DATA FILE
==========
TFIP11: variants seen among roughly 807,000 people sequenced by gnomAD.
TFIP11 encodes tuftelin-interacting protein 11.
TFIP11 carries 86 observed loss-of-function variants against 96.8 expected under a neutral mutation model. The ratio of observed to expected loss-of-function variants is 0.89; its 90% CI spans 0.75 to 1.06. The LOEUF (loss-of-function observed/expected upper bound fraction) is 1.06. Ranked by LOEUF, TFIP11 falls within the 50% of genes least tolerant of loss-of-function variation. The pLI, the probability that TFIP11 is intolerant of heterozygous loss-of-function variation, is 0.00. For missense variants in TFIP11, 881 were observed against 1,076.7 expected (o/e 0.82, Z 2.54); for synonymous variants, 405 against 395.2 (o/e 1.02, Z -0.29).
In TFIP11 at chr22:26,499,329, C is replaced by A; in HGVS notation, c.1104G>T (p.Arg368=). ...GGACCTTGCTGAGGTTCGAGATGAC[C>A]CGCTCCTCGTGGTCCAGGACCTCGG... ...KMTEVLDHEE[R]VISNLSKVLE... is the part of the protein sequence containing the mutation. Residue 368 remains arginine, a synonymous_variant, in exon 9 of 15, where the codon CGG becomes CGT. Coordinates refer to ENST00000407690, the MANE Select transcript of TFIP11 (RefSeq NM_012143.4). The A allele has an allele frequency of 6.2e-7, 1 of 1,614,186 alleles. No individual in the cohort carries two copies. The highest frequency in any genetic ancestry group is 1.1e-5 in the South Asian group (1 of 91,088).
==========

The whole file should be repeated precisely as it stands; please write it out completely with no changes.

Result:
TFIP11: variants seen among roughly 807,000 people sequenced by gnomAD.
TFIP11 encodes tuftelin-interacting protein 11.
TFIP11 carries 86 observed loss-of-function variants against 96.8 expected under a neutral mutation model. The ratio of observed to expected loss-of-function variants is 0.89; its 90% CI spans 0.75 to 1.06. The LOEUF (loss-of-function observed/expected upper bound fraction) is 1.06. Ranked by LOEUF, TFIP11 falls within the 50% of genes least tolerant of loss-of-function variation. The pLI, the probability that TFIP11 is intolerant of heterozygous loss-of-function variation, is 0.00. For missense variants in TFIP11, 881 were observed against 1,076.7 expected (o/e 0.82, Z 2.54); for synonymous variants, 405 against 395.2 (o/e 1.02, Z -0.29).
In TFIP11 at chr22:26,499,329, C is replaced by A; in HGVS notation, c.1104G>T (p.Arg368=). ...GGACCTTGCTGAGGTTCGAGATGAC[C>A]CGCTCCTCGTGGTCCAGGACCTCGG... ...KMTEVLDHEE[R]VISNLSKVLE... is the part of the protein sequence containing the mutation. Residue 368 remains arginine, a synonymous_variant, in exon 9 of 15, where the codon CGG becomes CGT. Coordinates refer to ENST00000407690, the MANE Select transcript of TFIP11 (RefSeq NM_012143.4). The A allele has an allele frequency of 6.2e-7, 1 of 1,614,186 alleles. No individual in the cohort carries two copies. The highest frequency in any genetic ancestry group is 1.1e-5 in the South Asian group (1 of 91,088).